Grown out of the Scottish Islands Expedition, Cape Farewell’s Sea Change is a four-year programme of research and making across Scotland’s western and northern isles. Sea Change involves over 30 UK and international artists and scientists, working collaboratively and independently to consider the relationships between people, places and resources in the context of climate change.... Read more ›

A timely reminder of how valuable an outsider’s perspective can be

Community Energy Scotland’s annual conference offered a timely reminder of how valuable an outsider’s perspective can be.  It was reported on some research into how different countries are taking forward the development of renewable energy. The study looks at several European countries including Scotland, as well as five states in America. The most striking feature... Read more ›

First there was an island – then there was a boat

Shiants 2
“First there was an island – then there was a boat”, so begins a poem by Shetland writer Laureen Johnston.  Since owning my first boat at the age of eleven, I have been an obsessive explorer of islands, the smaller and more remote the better.  Once, in the grip of a sudden attack of aquatic... Read more ›

‘On these isles’

Lawrence has a 7am coffee break after feeding cattle.
‘On these isles’ is a project by photographer Ed Smith, whom we had the great pleasure of meeting when visiting the Island of Eigg. Ed has spent large periods of time on Eigg and other Inner Hebridean isles capturing life there in pictures. Have a look at more of his images and this project at... Read more ›

A gaelic song

Mary Jane Lamond, Jo Royle and Julie Fowlis Video by Ruth Little

Cape Farewell – we know what to do, can art help us get on and do it?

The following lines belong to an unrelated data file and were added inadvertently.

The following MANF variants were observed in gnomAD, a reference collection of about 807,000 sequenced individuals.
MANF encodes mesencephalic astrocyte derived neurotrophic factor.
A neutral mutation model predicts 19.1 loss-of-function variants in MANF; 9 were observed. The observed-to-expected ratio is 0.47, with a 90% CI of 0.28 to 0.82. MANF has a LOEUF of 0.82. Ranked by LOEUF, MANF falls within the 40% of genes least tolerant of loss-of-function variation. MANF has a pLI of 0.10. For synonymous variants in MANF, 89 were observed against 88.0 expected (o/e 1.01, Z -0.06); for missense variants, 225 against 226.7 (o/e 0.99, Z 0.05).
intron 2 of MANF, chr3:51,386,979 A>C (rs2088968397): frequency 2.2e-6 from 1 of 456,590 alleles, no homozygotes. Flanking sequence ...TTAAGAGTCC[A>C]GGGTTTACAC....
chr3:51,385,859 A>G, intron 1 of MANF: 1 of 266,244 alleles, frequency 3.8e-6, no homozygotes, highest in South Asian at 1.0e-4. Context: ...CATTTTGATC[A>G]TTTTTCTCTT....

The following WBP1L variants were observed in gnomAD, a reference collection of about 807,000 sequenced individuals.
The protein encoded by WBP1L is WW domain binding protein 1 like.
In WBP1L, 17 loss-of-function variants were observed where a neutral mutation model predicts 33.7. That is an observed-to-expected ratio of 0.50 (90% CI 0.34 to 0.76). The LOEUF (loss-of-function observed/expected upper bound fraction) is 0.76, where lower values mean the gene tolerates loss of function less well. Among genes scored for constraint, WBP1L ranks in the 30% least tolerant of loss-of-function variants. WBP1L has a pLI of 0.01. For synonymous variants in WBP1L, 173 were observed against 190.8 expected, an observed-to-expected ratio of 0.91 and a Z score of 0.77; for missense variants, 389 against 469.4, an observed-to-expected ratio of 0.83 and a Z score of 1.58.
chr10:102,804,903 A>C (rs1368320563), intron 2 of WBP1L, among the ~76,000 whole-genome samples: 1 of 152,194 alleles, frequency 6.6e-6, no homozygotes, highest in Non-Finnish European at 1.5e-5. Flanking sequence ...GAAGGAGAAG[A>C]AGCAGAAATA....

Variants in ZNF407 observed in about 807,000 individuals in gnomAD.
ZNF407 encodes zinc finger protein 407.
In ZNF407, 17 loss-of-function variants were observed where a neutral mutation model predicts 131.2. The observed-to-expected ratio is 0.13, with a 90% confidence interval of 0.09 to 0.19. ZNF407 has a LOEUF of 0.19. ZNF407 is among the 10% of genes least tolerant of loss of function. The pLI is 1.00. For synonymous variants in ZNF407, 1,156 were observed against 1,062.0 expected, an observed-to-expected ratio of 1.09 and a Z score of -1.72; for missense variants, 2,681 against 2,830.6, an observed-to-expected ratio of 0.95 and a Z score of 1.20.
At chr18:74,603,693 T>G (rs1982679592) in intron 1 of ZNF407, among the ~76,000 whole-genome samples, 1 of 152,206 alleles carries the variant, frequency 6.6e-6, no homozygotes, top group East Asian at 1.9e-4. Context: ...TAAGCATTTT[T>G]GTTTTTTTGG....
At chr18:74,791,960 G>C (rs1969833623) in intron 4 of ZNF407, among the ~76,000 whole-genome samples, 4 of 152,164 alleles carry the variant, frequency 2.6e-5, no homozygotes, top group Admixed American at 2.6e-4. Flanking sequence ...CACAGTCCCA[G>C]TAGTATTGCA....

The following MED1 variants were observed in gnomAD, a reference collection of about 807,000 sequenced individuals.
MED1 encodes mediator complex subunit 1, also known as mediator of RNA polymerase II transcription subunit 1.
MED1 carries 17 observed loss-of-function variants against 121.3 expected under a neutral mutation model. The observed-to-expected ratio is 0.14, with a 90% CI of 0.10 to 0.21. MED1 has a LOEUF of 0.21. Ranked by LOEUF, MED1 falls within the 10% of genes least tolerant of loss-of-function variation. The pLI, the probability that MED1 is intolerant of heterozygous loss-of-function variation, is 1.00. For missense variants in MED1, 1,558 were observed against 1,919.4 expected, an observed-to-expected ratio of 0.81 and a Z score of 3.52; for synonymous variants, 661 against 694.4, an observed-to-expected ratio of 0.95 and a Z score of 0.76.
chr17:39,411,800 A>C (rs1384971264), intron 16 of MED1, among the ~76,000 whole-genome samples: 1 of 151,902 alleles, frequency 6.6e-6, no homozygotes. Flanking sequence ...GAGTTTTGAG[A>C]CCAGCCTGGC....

The following is an excerpt from Sara Parkin’s article found on the Forum for the Future website. …I was fortunate enough to join the crew for one week of a four week tour of Scottish Islands, starting with Skye and Canna before crossing the Minch to Mingulay, Barra and South Uist. The weather was kind,... Read more ›

Islands and Visions

Eigg Barbecue on Song of the Whale
There is a sea view when travelling from Eigg to Mallaig where you have a 360° vision of the Small Isles, Skye, the mountains of Scotland, Mull and, far into the distance, the Outer Hebrides. At 6 am yesterday the grey of the sea bled into the numerous blues of the mountains all dramatised by... Read more ›

Annie Cattrell and Jo Shapcott in conversation about week 4 of the expedition

Annie 1
JS Annie, what is it about islands? AC I like the fact that there’s a larger proportion of sea than land mass visible. There appears to be a completeness and self-sufficiency about the individual islands even though they are all distinctly different. There seems to be a big distinction between uninhabited and inhabited islands –... Read more ›


Photo by Sion Parkinson
(1) On the crossing from Ullapool to Stornaway on the Calmac, I wrote myself a list of rules, a set of behaviours that would concentrate my efforts, or assuage any guilt from any feelings of impotence, in my seven days aboard the ship. (1.1) Rules: (1.1.1) Take photographs, more than you need to, get in... Read more ›


Cotton Grass marking  Dwelling Rona
It was my birthday when I went to Rònaidh first. A place I wanted to see since I was little but I had always missed the boat. It is about forty miles north of my house near the Butt of Lewis. I went on the sixth of August aged thirty eight on the yacht ‘Song... Read more ›

Mary Arnold-Forster

Skye architect Mary shows the house of Fred Taylor she designed and reflects on the progress on Eigg and other green based aspirations for the islands architecture and energy supply.   Video shot by David Buckland     Sketches by Mary Arnold-Forster

Farewell and Ahoy: Log of a Voyage

Photo by Mary Smith
“Back in the kitchen.  A new group has joined Song of the Whale. There is an overlap of crew, Cape Farewell folk, and the artists and scientists who will sail together this coming week. They are planning to sail to North Rona, the Shiants and the coasts of Skye. But I’ve left the ship though... Read more ›